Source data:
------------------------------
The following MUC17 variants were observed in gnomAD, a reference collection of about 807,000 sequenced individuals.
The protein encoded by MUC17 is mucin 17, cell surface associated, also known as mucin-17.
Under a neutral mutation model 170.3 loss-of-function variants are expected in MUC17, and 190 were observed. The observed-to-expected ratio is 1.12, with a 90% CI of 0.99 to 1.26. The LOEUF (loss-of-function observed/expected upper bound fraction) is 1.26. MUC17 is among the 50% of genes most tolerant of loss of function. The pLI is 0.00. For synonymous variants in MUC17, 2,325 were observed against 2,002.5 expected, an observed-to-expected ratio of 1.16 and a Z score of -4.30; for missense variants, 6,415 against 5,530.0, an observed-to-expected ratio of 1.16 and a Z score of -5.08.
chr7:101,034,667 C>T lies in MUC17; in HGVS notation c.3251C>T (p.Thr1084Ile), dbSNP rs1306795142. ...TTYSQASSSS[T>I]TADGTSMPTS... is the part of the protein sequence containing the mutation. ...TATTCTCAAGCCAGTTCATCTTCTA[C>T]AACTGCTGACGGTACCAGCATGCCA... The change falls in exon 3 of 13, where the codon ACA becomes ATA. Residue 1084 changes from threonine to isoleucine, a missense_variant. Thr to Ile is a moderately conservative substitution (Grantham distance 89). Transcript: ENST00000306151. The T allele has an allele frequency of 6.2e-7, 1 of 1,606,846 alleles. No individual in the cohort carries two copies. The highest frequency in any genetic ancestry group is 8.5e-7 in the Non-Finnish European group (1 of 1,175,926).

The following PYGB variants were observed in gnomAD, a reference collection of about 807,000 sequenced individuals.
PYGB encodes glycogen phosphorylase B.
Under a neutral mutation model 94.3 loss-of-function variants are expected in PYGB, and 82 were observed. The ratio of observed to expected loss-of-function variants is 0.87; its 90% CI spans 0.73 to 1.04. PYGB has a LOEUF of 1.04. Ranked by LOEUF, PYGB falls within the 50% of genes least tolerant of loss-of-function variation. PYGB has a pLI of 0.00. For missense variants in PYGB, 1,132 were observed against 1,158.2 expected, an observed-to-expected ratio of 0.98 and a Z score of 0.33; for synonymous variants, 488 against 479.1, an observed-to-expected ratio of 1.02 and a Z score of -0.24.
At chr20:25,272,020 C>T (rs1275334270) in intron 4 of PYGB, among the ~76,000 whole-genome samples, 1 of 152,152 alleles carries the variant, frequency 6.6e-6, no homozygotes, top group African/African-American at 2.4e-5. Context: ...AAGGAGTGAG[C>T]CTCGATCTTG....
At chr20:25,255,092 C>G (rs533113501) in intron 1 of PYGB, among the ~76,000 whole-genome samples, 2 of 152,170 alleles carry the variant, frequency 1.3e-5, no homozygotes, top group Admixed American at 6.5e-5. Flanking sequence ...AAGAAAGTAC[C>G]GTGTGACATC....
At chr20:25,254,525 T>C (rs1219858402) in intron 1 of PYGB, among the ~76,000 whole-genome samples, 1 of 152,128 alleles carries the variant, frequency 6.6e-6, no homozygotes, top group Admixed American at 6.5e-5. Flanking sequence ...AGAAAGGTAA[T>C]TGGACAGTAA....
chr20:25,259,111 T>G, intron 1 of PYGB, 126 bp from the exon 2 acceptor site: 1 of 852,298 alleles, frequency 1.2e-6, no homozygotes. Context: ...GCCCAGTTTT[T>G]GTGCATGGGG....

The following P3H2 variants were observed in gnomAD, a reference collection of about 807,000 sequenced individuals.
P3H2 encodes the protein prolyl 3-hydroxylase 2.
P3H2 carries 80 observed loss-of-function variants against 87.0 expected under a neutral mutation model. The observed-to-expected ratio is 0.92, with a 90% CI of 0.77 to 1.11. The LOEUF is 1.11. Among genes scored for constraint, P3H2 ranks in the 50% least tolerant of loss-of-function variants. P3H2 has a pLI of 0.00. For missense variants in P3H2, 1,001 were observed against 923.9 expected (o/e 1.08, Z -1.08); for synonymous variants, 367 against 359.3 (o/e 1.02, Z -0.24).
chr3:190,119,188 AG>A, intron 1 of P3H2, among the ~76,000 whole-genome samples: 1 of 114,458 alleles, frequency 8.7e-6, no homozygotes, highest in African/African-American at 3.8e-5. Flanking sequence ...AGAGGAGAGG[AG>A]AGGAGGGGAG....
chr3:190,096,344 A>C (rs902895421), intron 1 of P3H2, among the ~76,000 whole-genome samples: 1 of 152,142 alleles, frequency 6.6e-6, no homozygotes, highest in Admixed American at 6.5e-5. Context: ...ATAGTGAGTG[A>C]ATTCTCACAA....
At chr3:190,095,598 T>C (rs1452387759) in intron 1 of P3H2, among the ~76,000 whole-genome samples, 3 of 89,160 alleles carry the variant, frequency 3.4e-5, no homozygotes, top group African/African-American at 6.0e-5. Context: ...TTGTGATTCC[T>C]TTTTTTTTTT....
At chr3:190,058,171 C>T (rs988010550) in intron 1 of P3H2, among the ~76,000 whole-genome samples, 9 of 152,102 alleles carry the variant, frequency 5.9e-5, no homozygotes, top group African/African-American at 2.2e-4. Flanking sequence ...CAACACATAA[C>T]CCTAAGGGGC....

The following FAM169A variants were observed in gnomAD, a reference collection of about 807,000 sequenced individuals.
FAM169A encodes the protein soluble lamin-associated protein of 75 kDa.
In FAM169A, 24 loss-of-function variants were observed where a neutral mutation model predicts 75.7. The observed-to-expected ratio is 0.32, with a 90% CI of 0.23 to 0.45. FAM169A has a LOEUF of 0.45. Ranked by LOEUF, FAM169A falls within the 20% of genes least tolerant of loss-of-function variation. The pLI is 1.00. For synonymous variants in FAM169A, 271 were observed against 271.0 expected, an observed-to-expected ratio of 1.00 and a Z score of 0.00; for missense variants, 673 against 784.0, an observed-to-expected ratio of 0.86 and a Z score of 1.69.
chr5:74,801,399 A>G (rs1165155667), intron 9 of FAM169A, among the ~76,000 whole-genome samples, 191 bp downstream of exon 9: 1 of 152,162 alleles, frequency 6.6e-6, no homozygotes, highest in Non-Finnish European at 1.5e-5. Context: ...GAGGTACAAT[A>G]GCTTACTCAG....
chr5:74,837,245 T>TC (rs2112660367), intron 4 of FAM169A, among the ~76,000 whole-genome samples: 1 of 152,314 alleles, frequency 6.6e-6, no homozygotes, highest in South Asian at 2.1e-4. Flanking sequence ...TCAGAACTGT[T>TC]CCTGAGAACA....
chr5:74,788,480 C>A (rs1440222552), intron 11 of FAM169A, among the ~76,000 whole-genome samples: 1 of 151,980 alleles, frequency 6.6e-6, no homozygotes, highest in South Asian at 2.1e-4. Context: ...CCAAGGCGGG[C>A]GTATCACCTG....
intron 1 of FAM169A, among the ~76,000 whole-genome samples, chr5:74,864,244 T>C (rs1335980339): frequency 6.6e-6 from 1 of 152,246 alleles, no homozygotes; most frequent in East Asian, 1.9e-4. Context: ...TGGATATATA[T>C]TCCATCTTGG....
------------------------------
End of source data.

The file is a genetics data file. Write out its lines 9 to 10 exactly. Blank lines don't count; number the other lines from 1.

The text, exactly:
At chr20:25,255,092 C>G (rs533113501) in intron 1 of PYGB, among the ~76,000 whole-genome samples, 2 of 152,170 alleles carry the variant, frequency 1.3e-5, no homozygotes, top group Admixed American at 6.5e-5. Flanking sequence ...AAGAAAGTAC[C>G]GTGTGACATC....
At chr20:25,254,525 T>C (rs1219858402) in intron 1 of PYGB, among the ~76,000 whole-genome samples, 1 of 152,128 alleles carries the variant, frequency 6.6e-6, no homozygotes, top group Admixed American at 6.5e-5. Flanking sequence ...AGAAAGGTAA[T>C]TGGACAGTAA....